As it was, he stopped and changed the subject, so I managed to survive somehow. How can you expect me to remain here now, after that? I’m leaving today.”

The layman asked him: “Did Acariya Mun scold you harshly? Is that why you nearly died, and now feel you can no longer stay here?”
“He didn’t scold me at all, but his astute questions were far worse than a tongue-lashing.”

“He asked you some questions, is that it? Can you tell me what they were? Perhaps I can learn a lesson from them.”
“Please don’t ask me to tell you what he said, I’m embarrassed to death as it is. Should anyone ever know, I’d sink into the ground. Without getting specific, I can tell you this much: he knows everything we’re thinking. No scolding could possibly be as bad as that. It’s quite natural for people to think both good thoughts and bad thoughts. Who can control them? But when I discover that Acariya Mun knows all about my private thoughts – that’s too much. I know I can’t stay on here. Better to go off and die somewhere else than to stay here and disturb him with my wayward thinking. I mustn’t stay here, further disgracing myself. Last night I couldn’t sleep at all – I just can’t get this matter out of my mind.”

But the layman begged to differ: “Why should Acariya Mun be disturbed by what you think? He’s not the one at fault. The person at fault is the one who should be disturbed by what he’s done, and then make a sincere effort to rectify it. That, Acariya Mun would certainly appreciate. So please stay on here for awhile – in that way, when those thoughts arise, you can benefit from Acariya Mun’s advice. Then you can develop the mindfulness needed to solve this problem, which is much better than running away from it. What do you say to that?”

“I can’t stay. The prospect of my developing mindfulness to improve myself can’t begin to rival my fear of Acariya Mun: it’s like pitting a cat against an elephant! Just thinking that he knows all about me is enough to make me shiver, so how could I possibly maintain any degree of mindfulness? I’m leaving today. If I remain here any longer, I’ll die for sure. Please believe me.”

The layman told Acariya Mun that he felt very sorry for that old monk, but he didn’t know what to say to prevent him leaving: “His face was so pale it was obvious he was frightened, so I had to let him go. Before he left, I asked him where he’d be going. He said he didn’t know for sure, but that if he didn’t die first, we’d probably meet again someday – then he left. I had a boy send him off. When the boy returned I asked him, but he didn’t know, for the elderly monk hadn’t told him where he was going. I feel really sorry for him. An old man like that, he shouldn’t have taken it so personally.”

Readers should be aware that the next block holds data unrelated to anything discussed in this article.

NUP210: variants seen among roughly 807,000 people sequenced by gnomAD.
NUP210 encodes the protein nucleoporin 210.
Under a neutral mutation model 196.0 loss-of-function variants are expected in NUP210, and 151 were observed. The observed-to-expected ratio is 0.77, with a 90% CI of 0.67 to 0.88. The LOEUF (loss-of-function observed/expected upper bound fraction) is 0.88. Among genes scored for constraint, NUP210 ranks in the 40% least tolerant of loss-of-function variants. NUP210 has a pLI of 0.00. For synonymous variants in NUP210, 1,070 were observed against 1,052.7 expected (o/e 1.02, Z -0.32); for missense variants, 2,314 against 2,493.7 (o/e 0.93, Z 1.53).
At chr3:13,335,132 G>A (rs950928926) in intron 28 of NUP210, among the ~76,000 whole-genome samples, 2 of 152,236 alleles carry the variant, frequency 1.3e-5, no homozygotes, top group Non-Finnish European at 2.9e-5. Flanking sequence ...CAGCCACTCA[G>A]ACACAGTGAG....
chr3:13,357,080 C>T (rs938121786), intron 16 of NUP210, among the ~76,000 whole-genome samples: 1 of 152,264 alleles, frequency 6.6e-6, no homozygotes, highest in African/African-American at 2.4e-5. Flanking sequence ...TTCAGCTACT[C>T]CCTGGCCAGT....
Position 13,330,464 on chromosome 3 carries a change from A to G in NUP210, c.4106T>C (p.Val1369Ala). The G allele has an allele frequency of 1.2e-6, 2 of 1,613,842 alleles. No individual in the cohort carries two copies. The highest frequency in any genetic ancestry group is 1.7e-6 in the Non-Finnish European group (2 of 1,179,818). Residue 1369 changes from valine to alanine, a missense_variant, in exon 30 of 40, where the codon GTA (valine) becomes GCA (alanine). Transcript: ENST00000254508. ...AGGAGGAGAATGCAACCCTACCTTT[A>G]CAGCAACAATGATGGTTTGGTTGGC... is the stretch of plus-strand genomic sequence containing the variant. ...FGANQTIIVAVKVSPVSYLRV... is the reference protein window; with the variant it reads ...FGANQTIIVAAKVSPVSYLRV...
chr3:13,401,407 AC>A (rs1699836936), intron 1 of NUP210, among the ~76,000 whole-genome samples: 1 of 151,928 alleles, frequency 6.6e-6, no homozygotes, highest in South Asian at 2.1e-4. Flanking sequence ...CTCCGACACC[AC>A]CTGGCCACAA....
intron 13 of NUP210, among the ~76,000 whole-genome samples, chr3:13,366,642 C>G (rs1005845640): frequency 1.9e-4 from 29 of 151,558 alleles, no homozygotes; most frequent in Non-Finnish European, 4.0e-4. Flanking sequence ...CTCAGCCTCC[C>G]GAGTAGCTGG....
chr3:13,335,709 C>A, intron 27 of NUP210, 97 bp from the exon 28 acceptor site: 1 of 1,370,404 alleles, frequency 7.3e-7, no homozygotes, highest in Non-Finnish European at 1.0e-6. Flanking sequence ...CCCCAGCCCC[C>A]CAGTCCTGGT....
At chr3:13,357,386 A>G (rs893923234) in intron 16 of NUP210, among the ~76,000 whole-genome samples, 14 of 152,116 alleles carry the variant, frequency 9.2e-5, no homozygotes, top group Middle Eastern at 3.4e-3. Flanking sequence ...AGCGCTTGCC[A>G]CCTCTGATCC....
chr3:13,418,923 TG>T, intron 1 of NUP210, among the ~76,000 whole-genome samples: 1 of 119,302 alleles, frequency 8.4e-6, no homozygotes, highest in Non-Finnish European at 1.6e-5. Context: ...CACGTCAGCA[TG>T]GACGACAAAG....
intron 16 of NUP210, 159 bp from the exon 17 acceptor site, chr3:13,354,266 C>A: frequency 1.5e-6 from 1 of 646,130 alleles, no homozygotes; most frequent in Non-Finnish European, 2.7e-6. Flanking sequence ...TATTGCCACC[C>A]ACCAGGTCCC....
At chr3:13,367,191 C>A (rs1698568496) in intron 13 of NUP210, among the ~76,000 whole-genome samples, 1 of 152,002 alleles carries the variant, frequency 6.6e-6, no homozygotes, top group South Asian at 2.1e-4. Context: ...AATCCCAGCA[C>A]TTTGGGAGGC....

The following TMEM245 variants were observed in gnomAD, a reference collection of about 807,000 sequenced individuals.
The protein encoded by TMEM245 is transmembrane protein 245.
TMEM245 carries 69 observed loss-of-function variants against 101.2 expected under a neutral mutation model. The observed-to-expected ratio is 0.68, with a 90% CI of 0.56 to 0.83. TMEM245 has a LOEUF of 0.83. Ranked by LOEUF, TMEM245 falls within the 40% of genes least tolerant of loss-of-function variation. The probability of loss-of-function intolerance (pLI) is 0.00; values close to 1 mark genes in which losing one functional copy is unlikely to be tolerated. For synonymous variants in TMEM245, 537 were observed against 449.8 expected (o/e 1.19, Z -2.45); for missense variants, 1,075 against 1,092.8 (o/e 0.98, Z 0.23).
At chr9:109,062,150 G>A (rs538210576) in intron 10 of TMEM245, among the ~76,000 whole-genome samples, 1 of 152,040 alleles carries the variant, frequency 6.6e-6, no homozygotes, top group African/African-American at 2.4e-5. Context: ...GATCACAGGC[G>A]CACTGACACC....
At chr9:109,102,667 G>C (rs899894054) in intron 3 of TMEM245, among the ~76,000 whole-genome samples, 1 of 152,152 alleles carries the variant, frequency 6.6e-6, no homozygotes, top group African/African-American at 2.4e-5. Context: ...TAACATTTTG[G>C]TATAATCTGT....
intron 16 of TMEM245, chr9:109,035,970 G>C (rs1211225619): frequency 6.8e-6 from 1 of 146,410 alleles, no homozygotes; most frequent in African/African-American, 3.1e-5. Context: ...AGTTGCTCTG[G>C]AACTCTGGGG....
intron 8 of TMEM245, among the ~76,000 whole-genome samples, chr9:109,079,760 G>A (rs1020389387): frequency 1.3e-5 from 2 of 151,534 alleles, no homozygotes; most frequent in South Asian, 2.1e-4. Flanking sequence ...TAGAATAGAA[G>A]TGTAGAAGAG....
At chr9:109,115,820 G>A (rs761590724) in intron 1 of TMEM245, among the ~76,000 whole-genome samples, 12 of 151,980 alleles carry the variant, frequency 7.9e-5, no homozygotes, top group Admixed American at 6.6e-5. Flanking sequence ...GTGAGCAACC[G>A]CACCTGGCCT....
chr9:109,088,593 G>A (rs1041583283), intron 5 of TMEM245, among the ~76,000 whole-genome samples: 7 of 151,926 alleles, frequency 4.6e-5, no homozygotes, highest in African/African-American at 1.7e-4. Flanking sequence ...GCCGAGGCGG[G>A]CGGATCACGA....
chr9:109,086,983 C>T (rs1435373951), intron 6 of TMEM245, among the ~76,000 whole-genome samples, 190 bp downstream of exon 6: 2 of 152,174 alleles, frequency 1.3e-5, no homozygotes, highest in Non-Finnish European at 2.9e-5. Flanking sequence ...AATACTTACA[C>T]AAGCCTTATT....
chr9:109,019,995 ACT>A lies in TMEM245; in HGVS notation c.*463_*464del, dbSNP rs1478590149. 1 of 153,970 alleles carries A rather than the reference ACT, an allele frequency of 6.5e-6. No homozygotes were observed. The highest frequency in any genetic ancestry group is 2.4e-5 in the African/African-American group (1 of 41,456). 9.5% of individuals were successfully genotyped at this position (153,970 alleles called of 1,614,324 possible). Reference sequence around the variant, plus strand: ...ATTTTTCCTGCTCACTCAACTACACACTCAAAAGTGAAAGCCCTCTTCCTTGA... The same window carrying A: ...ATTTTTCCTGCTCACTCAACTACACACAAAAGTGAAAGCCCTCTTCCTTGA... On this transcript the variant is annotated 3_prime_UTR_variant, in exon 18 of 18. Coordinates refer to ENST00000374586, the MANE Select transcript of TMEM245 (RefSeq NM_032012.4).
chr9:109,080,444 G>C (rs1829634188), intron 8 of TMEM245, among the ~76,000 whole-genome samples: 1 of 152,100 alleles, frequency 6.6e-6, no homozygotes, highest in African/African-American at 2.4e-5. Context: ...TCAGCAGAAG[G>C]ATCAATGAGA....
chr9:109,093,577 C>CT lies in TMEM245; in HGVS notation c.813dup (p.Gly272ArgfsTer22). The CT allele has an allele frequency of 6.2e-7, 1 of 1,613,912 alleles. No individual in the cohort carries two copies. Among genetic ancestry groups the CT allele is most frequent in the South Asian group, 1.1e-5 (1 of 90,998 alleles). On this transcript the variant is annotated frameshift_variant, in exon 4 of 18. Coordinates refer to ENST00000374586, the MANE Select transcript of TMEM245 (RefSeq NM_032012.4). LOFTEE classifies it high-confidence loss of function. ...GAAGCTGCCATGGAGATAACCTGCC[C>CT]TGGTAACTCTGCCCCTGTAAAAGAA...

Acariya Mun was deeply dismayed to see his benevolent intentions producing such negative results, his compassion being the cause of such unfortunate consequences.
In truth, seeing the elderly monk’s stunned reaction that very first day, he had suspected then that this might happen. After that day he was disinclined to send out the flow of his citta to investigate, fearing he might again meet with the same situation. In the end, his suspicions were confirmed. He told the layman that he’d spoken with the old monk in the familiar way that friends normally do: playful one minute, serious the next. He never imagined it becoming such a big issue that the elderly monk would feel compelled to abandon his monastery and flee like that.

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Re: The married monk

Post by fabianfred » Mon Aug 12, 2013 10:37 pm

Since in the theravada tradition a man can ordain and disrobe several is certainly not necessary for him to divorce his wife.
I myself ordained for a week seven years ago when they had a mass ordination in my town. I also ordained for two years three years ago, and then disrobed to look after my kids since my wife had taken up work in BKK.

The Buddha himself was still married with a son...who became his first Novice and later the wife became a Bikkhuni.